This dopamine boost is what encourages you to repeat the activity that got you the reward, so you get can it again.

But here’s the kicker: you don’t get that reward rush until after you engage in the behaviour.

Getting someone to engage in the behaviour for long enough to value that dopamine rush in the first place is where myself and many other well-meaning health professionals get stuck.

What makes one person see getting healthy as achievable and another person see it as insurmountable is the Nobel Prize-winning question, Dr Kumfor says, and unfortunately science isn’t quite there yet.

“But what we do know is that humans are bad at focusing on distant future and less tangible rewards,” she explains.

For example, studies have shown that given the choice between getting $10 right now and $100 next month, most of us will go for the instant gratification.

That makes sense when you think of it in terms of making massive lifestyle changes: substantial weight loss seems ages away and might not happen, whereas that schnitzel and six schooners is tonight and guaranteed delicious.

We’re probably better off with setting short-term rewards along the way to the big one, rather than just focusing on the far off and hard-to-imagine pot of gold at the end of the rainbow.

Maintaining goal-directed motivation behaviour is hard. Instead, focus on creating habits that’ll help you along the way, suggests Dr Kumfor.

“The brain finds it easier to cope with habit than to make decisions every day,” she says.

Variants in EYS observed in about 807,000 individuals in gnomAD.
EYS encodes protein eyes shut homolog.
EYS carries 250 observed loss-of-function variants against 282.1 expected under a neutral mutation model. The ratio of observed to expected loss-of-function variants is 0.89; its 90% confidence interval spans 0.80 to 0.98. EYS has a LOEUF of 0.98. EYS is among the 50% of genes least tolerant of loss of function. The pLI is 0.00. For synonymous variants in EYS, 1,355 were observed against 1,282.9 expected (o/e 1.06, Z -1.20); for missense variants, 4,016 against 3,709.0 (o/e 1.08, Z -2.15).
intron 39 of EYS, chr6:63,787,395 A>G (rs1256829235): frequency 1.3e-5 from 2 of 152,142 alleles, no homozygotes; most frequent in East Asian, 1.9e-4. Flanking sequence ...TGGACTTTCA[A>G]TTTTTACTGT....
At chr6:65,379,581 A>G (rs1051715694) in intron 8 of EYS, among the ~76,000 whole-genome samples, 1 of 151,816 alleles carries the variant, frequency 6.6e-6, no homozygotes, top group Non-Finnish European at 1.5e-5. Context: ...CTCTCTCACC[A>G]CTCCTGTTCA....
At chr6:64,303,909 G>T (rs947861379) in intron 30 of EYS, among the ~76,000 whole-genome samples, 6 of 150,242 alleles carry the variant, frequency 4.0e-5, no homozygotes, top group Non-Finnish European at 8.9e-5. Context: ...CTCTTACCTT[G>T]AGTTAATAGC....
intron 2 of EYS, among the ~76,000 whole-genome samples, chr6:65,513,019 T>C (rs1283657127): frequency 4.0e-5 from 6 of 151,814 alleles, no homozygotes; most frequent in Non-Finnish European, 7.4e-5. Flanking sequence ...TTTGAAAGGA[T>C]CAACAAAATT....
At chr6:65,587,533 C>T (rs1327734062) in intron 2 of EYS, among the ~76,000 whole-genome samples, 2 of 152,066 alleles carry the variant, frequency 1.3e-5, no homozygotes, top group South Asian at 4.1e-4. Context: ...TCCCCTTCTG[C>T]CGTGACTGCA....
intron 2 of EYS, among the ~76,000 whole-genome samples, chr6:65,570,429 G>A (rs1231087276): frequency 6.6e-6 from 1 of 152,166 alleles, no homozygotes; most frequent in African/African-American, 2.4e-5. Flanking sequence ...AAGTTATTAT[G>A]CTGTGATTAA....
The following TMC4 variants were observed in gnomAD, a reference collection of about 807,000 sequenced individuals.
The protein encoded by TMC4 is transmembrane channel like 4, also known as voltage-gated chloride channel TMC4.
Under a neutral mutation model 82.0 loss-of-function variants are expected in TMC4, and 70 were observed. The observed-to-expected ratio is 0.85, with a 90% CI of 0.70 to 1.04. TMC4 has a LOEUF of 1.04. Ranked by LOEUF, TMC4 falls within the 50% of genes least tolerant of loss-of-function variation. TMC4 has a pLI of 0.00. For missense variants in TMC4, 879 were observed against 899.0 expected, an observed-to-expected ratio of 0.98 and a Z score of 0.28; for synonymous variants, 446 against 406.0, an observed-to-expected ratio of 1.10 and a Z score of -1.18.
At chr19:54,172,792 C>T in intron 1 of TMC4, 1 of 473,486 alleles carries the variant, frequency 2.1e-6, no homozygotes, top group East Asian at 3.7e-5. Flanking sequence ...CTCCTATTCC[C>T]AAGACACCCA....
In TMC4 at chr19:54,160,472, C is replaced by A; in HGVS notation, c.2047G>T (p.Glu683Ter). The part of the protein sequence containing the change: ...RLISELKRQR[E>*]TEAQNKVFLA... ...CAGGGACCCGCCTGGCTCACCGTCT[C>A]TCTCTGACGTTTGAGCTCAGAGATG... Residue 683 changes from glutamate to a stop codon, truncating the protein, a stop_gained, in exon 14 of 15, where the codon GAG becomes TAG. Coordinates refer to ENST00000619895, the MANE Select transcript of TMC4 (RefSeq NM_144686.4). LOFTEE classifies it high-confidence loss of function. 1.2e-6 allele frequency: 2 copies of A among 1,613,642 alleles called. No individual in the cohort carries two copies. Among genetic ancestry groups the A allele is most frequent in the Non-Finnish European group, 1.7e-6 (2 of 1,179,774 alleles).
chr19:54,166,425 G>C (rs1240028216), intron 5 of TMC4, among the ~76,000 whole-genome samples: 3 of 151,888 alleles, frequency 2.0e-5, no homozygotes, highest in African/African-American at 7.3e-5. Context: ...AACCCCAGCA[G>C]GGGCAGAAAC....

“If there’s a way to harness habit, rather than forcing ourselves to be goal-directed, that’s undoubtedly going to be easier.

“So, break it all down into small, manageable, bite-sized parts.”

For example, if you’re trying to lose weight, have your ducks in a row well in advance. Schedule in regular times, pre-book and pay for classes, pre-pack workout gear and have it on-hand if you’re exercising after work. Do not go home first.

Train yourself to operate on autopilot so your brain doesn’t get involved. Otherwise, you’ll be veering straight onto instant gratification highway, without stopping off in exercise city.

At the end of the day, in order to do any of that you need to decide whether your goal is actually worth the effort.

There’s a complex relationship between how meaningful a reward is and the amount of effort required to achieve it. You’ll only make the sacrifices if your goal is truly important to you.